Cancer Causes & Control

, Volume 22, Issue 7, pp 1067–1071 | Cite as

Hat, shade, long sleeves, or sunscreen? Rethinking US sun protection messages based on their relative effectiveness

  • Eleni LinosEmail author
  • Elizabeth Keiser
  • Teresa Fu
  • Graham Colditz
  • Suephy Chen
  • Jean Y. Tang
Brief report



Sun protection messages in the United States emphasize sunscreen use, although its efficacy in skin cancer prevention remains controversial.


We used data from NHANES 2003–2006, restricted to adult whites (n = 3,052) to evaluate how Americans protect themselves from the sun. Participants completed questionnaires on the frequency with which they used sunscreen, wore a hat, long sleeves, or stayed in the shade, in addition to the number of sunburns in the past year.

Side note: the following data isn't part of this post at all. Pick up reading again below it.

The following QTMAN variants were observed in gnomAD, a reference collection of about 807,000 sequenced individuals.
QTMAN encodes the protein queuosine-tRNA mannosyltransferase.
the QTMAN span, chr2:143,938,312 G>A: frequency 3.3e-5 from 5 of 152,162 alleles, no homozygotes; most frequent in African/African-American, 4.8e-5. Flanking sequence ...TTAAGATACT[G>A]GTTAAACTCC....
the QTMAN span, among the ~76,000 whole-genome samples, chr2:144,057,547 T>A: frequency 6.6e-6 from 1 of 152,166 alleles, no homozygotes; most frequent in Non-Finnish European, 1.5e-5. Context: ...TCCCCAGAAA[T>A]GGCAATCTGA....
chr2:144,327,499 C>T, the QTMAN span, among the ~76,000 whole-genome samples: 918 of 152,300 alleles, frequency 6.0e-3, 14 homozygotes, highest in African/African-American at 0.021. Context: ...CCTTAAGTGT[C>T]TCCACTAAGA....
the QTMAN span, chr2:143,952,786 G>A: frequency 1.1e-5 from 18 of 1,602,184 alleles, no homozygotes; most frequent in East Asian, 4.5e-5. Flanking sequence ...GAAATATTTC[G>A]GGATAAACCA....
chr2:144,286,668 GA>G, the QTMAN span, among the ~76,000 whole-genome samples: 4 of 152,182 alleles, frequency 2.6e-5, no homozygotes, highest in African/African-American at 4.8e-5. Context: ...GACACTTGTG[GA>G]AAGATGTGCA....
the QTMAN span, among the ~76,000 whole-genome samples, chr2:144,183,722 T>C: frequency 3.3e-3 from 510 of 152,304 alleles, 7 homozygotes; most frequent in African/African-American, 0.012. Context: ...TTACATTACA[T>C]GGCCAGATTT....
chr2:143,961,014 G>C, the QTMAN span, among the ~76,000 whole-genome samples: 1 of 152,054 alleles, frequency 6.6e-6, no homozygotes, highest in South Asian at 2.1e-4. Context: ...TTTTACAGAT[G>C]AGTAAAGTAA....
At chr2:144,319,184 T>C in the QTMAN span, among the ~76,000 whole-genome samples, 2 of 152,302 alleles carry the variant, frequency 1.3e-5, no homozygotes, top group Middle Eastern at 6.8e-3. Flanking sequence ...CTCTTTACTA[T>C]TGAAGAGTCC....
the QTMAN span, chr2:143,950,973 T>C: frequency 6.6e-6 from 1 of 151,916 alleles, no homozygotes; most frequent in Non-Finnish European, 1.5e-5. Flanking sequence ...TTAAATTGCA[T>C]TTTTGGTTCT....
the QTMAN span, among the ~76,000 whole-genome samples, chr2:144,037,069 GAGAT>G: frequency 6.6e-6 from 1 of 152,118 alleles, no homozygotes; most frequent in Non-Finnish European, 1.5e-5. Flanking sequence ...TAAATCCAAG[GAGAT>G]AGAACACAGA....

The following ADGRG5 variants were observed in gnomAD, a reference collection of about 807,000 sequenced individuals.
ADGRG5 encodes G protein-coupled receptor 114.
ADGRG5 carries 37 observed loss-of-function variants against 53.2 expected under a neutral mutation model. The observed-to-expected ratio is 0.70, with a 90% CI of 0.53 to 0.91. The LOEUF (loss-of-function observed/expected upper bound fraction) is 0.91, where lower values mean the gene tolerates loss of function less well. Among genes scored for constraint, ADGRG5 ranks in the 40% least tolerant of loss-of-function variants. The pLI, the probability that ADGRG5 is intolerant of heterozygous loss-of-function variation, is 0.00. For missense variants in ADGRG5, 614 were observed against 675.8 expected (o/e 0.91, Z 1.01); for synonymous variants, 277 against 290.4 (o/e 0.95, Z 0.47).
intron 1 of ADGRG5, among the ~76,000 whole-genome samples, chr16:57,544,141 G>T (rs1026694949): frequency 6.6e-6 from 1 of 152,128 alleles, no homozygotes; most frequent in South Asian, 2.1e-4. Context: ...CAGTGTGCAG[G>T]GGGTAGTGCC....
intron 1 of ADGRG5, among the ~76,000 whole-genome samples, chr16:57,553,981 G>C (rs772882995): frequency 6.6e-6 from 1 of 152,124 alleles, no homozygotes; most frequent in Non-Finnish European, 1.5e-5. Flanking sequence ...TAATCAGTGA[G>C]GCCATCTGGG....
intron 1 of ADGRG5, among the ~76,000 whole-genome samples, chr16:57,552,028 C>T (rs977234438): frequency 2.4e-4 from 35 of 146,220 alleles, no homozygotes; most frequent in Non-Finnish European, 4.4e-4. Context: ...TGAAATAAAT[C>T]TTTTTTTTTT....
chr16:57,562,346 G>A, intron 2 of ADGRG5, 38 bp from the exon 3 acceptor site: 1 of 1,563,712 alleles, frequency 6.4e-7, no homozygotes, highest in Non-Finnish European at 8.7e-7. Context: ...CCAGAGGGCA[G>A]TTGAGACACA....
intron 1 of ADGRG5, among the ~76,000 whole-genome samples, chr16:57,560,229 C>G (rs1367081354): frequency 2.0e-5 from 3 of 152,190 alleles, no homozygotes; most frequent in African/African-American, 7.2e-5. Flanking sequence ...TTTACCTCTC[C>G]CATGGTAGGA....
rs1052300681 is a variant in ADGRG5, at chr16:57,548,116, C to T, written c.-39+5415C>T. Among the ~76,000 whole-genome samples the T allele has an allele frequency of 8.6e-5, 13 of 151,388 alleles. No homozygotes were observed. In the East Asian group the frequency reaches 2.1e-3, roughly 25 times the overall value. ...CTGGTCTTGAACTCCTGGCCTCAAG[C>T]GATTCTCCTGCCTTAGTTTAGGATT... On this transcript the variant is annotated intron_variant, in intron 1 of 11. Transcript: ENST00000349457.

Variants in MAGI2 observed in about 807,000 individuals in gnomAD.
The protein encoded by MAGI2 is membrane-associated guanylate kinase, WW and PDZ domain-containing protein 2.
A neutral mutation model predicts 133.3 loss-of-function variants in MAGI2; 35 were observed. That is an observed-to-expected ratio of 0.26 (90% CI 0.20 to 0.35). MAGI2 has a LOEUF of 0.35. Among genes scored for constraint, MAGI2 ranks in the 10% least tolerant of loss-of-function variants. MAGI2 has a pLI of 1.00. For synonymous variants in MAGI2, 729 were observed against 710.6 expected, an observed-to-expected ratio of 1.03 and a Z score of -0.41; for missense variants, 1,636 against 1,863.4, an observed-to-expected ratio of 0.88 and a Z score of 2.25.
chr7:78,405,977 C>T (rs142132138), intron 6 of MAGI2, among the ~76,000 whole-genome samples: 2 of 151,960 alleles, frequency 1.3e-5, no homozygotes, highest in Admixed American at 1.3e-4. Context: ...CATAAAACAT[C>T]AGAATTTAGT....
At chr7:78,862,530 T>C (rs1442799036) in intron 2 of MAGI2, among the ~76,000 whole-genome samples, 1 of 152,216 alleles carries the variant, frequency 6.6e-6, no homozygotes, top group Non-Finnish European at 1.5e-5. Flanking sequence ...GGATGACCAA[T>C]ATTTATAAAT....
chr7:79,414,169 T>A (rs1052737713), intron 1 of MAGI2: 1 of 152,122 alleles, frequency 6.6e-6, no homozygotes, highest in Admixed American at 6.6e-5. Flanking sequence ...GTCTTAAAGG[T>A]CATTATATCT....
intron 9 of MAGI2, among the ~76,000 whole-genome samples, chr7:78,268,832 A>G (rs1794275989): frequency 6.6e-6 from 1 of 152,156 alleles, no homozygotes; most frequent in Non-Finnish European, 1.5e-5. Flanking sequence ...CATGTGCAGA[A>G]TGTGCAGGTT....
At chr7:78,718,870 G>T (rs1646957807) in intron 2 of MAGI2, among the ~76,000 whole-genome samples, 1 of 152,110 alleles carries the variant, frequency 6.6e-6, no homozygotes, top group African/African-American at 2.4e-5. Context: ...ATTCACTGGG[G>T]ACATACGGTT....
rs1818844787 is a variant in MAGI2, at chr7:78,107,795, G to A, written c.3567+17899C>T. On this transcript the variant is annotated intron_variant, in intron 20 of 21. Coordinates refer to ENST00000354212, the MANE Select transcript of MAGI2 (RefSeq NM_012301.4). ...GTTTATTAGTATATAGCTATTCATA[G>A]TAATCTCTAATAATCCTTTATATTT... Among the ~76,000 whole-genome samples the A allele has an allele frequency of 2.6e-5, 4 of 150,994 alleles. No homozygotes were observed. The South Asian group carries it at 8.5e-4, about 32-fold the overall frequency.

Although using sunscreen is the most common sun protective behavior (30%), frequent sunscreen use was not associated with fewer sunburns. However, the odds of multiple sunburns were significantly lower in individuals who frequently avoided the sun by seeking shade (OR = 0.70, p < 0.001) or wearing long sleeves (OR = 0.73, p = 0.01).


Our findings suggest that shade and protective clothing may be more effective than sunscreen, as typically used by Americans.


Sunprotection Sunscreen Skin cancer Sunburn 


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Copyright information

© Springer Science+Business Media B.V. 2011

Authors and Affiliations

  • Eleni Linos
    • 1
    Email author
  • Elizabeth Keiser
    • 1
  • Teresa Fu
    • 1
  • Graham Colditz
    • 2
  • Suephy Chen
    • 3
    • 4
  • Jean Y. Tang
    • 1
  1. 1.Department of DermatologyStanford University School of MedicineRedwood CityUSA
  2. 2.Siteman Cancer CenterWashington University School of MedicineSt LouisUSA
  3. 3.Department of DermatologyEmory UniversityAtlantaUSA
  4. 4.Division of Dermatology, Department of MedicineAtlanta VA Medical CenterDecaturUSA

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